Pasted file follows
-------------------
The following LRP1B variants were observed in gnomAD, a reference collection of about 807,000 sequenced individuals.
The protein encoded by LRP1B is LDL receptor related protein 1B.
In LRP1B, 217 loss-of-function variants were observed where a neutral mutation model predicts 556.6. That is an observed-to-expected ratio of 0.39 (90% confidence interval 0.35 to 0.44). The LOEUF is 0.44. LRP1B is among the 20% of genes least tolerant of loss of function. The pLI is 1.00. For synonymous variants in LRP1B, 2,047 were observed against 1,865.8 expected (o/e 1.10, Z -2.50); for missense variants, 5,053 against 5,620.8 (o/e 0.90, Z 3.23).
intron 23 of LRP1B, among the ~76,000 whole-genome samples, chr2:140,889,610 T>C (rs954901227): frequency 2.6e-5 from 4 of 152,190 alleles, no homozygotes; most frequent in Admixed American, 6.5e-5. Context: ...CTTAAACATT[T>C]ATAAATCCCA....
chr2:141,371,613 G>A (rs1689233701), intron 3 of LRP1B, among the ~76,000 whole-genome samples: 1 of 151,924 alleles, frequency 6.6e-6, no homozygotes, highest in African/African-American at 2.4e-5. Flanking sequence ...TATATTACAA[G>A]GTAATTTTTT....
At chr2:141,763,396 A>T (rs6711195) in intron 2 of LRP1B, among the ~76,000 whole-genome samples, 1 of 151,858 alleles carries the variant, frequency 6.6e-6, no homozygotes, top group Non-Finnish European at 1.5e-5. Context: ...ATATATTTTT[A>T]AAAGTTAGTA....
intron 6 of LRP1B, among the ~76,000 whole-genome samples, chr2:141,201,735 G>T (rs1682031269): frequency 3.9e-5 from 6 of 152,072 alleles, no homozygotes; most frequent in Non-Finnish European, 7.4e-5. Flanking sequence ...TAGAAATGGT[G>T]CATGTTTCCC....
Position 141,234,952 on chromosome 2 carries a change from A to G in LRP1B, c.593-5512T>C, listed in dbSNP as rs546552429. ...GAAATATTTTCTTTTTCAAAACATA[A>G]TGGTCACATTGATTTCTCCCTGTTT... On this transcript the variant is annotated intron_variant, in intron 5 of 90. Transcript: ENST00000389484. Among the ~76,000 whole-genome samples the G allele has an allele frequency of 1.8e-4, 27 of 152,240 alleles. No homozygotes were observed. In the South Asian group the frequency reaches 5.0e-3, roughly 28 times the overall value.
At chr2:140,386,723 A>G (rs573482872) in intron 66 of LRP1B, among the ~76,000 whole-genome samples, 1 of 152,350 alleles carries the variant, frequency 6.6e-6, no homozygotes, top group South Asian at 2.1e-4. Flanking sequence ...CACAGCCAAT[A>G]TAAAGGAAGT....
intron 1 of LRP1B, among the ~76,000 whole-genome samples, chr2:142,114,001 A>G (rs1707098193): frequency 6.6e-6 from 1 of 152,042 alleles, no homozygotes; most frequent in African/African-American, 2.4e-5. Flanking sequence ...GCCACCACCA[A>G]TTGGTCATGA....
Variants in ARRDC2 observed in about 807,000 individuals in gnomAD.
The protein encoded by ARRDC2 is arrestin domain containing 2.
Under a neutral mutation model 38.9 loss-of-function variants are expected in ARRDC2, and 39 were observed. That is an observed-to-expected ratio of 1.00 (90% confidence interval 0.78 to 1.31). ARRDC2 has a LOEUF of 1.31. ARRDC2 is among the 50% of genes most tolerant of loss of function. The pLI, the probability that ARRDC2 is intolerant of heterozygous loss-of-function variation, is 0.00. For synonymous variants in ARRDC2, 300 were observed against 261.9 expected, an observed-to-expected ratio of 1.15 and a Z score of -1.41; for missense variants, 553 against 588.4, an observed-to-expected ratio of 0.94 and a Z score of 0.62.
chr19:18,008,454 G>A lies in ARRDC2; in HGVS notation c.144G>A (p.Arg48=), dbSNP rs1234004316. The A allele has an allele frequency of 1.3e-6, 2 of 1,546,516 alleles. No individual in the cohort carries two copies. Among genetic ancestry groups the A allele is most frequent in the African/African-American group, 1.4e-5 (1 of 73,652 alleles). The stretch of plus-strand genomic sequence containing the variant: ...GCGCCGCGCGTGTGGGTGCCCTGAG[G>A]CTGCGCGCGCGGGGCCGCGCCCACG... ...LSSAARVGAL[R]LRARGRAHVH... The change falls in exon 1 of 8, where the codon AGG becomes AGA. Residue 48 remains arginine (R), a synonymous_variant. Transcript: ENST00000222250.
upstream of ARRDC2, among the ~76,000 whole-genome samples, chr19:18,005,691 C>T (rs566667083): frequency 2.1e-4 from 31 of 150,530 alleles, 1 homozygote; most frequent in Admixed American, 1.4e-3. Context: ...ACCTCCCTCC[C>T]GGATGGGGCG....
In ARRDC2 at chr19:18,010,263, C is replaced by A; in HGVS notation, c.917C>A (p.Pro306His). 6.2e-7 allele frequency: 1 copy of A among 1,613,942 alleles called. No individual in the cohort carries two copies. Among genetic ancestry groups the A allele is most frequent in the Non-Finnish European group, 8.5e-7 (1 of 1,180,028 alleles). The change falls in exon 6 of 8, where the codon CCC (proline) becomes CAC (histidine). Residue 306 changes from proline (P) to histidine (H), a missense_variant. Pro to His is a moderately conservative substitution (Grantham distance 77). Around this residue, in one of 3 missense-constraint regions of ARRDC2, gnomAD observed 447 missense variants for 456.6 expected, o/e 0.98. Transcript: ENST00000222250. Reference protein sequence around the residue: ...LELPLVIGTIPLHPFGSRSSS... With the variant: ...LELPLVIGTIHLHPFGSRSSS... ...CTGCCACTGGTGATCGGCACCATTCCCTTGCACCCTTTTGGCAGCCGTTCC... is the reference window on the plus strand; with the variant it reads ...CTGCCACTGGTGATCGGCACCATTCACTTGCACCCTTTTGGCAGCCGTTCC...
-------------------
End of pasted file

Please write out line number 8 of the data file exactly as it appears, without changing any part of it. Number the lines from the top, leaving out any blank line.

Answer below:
Position 141,234,952 on chromosome 2 carries a change from A to G in LRP1B, c.593-5512T>C, listed in dbSNP as rs546552429. ...GAAATATTTTCTTTTTCAAAACATA[A>G]TGGTCACATTGATTTCTCCCTGTTT... On this transcript the variant is annotated intron_variant, in intron 5 of 90. Transcript: ENST00000389484. Among the ~76,000 whole-genome samples the G allele has an allele frequency of 1.8e-4, 27 of 152,240 alleles. No homozygotes were observed. In the South Asian group the frequency reaches 5.0e-3, roughly 28 times the overall value.